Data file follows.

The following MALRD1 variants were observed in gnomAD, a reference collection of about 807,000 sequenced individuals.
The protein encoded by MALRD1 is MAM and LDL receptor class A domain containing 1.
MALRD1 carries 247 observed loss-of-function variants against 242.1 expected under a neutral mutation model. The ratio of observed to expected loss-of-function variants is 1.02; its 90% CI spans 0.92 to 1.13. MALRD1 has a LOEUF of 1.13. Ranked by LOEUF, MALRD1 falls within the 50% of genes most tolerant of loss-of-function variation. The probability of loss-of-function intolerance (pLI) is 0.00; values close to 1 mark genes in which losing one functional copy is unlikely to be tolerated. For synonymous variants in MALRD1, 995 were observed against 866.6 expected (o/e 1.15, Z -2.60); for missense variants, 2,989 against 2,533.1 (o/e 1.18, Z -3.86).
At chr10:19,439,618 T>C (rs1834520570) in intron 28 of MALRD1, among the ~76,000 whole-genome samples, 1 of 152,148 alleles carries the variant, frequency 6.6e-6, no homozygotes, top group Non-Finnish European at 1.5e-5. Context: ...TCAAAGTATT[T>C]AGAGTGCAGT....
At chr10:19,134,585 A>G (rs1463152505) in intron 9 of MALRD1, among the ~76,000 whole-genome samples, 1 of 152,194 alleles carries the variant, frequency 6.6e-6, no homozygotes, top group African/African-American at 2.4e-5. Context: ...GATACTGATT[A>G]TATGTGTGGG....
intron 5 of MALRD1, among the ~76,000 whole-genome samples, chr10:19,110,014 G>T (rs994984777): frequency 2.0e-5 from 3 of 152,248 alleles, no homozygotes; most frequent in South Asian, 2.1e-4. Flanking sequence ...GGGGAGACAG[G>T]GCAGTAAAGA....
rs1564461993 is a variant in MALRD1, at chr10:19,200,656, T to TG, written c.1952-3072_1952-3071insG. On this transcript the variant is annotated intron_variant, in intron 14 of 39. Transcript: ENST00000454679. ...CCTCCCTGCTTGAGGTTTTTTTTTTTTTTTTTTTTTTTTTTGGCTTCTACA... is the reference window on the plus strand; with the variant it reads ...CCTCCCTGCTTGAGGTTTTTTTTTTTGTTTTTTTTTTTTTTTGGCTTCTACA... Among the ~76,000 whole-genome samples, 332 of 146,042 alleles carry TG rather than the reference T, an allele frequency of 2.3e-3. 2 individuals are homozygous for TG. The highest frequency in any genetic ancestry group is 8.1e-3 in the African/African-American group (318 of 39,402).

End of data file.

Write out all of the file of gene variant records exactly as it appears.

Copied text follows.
The following MALRD1 variants were observed in gnomAD, a reference collection of about 807,000 sequenced individuals.
The protein encoded by MALRD1 is MAM and LDL receptor class A domain containing 1.
MALRD1 carries 247 observed loss-of-function variants against 242.1 expected under a neutral mutation model. The ratio of observed to expected loss-of-function variants is 1.02; its 90% CI spans 0.92 to 1.13. MALRD1 has a LOEUF of 1.13. Ranked by LOEUF, MALRD1 falls within the 50% of genes most tolerant of loss-of-function variation. The probability of loss-of-function intolerance (pLI) is 0.00; values close to 1 mark genes in which losing one functional copy is unlikely to be tolerated. For synonymous variants in MALRD1, 995 were observed against 866.6 expected (o/e 1.15, Z -2.60); for missense variants, 2,989 against 2,533.1 (o/e 1.18, Z -3.86).
At chr10:19,439,618 T>C (rs1834520570) in intron 28 of MALRD1, among the ~76,000 whole-genome samples, 1 of 152,148 alleles carries the variant, frequency 6.6e-6, no homozygotes, top group Non-Finnish European at 1.5e-5. Context: ...TCAAAGTATT[T>C]AGAGTGCAGT....
At chr10:19,134,585 A>G (rs1463152505) in intron 9 of MALRD1, among the ~76,000 whole-genome samples, 1 of 152,194 alleles carries the variant, frequency 6.6e-6, no homozygotes, top group African/African-American at 2.4e-5. Context: ...GATACTGATT[A>G]TATGTGTGGG....
intron 5 of MALRD1, among the ~76,000 whole-genome samples, chr10:19,110,014 G>T (rs994984777): frequency 2.0e-5 from 3 of 152,248 alleles, no homozygotes; most frequent in South Asian, 2.1e-4. Flanking sequence ...GGGGAGACAG[G>T]GCAGTAAAGA....
rs1564461993 is a variant in MALRD1, at chr10:19,200,656, T to TG, written c.1952-3072_1952-3071insG. On this transcript the variant is annotated intron_variant, in intron 14 of 39. Transcript: ENST00000454679. ...CCTCCCTGCTTGAGGTTTTTTTTTTTTTTTTTTTTTTTTTTGGCTTCTACA... is the reference window on the plus strand; with the variant it reads ...CCTCCCTGCTTGAGGTTTTTTTTTTTGTTTTTTTTTTTTTTTGGCTTCTACA... Among the ~76,000 whole-genome samples, 332 of 146,042 alleles carry TG rather than the reference T, an allele frequency of 2.3e-3. 2 individuals are homozygous for TG. The highest frequency in any genetic ancestry group is 8.1e-3 in the African/African-American group (318 of 39,402).